Which gets me to the T.H.U.N.D.E.R. Agents. I was first introduced to them through my back issue dealer in the early '90s, specifically David Singer's Deluxe Comics series on the mid-'80s. Singer brought together the finest artists of the day: George Pérez, Dave Cockrum, Keith Giffen, Jerry Ordway and more to honor the Tower Comics series that did the same in the '60s. Singer had claimed the property had fallen into to the public domain, but lost any moral high ground when it turned out he came to that conclusion while associated with the properties' alleged current owner, John Carbonaro. Previously, Carbonaro had taken several stabs at publishing new T.H.U.N.D.E.R. Agents stories, and to put it mildly, they did not feature the finest artists of their day (although Mark Texeira later improved enormously.) However questionable Carbonaro's claims might have been, and the debate left the door open for a slew of publishers to attempt their own T.H.U.N.D.E.R. revivals at the time, Carbonaro was tenacious enough in his claim to take all comers in a court of law. However, that claim led to one stalled effort after another, so that the T.H.U.N.D.E.R. Agents announced more returns to publishing than had actual issues produced.

I went back and found old copies and reprints of the original T.H.U.N.D.E.R. Agents stories, featuring gorgeous work by legends like Wally Wood, Steve Ditko, Gil Kane, Reed Crandall, Al Williamson and many more. They were perfect time capsule of swingin' sixties attitude, offering super-spy adventures along the lines of Bond and the Man from U.N.C.L.E., but with the same tongue-in-cheek humor as Matt Helm and Get Smart. In other words, already well out of step with the '80s, and absolutely foreign to the new millennium. DC already licensed the property once a few years back, offering a radical new interpretation that Carbonaro found so unpalatable that he pulled the plug on the whole project. Even if Carbonaro was tone deaf to the original material, offering sincere Silver Age pathos in his attempts, at least he wasn't post-modern.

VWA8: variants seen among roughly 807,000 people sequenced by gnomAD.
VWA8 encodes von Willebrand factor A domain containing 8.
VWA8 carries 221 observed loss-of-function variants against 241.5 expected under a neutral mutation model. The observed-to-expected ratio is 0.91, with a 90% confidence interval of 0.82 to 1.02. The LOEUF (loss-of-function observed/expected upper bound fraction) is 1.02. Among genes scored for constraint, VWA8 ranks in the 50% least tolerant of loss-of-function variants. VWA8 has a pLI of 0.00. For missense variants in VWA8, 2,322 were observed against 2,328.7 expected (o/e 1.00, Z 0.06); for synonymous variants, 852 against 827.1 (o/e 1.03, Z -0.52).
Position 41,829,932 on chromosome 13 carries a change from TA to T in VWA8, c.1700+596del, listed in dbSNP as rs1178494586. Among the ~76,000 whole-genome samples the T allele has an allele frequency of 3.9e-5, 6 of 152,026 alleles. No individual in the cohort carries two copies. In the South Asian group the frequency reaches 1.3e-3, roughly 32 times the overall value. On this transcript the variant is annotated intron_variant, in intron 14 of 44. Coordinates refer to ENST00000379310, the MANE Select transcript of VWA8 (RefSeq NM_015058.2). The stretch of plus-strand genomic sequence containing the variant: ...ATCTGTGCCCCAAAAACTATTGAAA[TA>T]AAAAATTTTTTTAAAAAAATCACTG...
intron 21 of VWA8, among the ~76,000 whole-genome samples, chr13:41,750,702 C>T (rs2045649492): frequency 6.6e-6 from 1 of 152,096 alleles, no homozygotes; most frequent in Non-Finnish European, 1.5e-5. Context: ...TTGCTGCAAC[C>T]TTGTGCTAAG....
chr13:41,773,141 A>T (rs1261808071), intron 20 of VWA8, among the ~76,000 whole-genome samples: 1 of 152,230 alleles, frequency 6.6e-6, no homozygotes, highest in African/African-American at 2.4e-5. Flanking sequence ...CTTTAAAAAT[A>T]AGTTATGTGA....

Well, John Carbonaro died this year, and DC seems to now hold the rights to the T.H.U.N.D.E.R. Agents. To some degree, Jim Lee's Wildstorm was a successor to Tower, even if it traded more in overly sober military conspiracies (though the light-hearted cheesecake of Gen-13 would have done Woody proud.) It might have been nice seeing T.H.U.N.D.E.R. integrated into that universe, but I understand they will now be part of the DC proper. I guess I get to look forward to the rape of Kitten, the murder and replacement of the clumsy Dynamo, Iron Maiden becoming a sadomasochist (well, more so,) and NoMan no longer getting his kicks by wasting millions of government dollars on android copies of himself. In the geekiest depths of my heart, I'd always hoped I or some other fanboy could one day sort out the T.H.U.N.D.E.R. Agents rights and do the concept justice. Instead, they've been gobbled up by The Man, and will be treated to inferior, limp efforts while Superman and Batman keep all the names. Just look at DC's much-ballyhoo'd Red Circle line, which was meant to see J. Michael Straczynski go all Supreme Power on it. Instead, he wrote four introductory comics, one for each character, and then passed the actual series on to nobodies.

Well, there's still Vampirella, and most of the Image founders still own their characters. There's a little life for super-heroes outside DC and Marvel. It just makes me sad that the ability to work with actual, built-in history on a property is limited to public domain figures from the Golden Age, and even then there's the compromise of those awful Dynamite Entertainment books.

Saturday, July 25, 2009

SDCC For You and Me?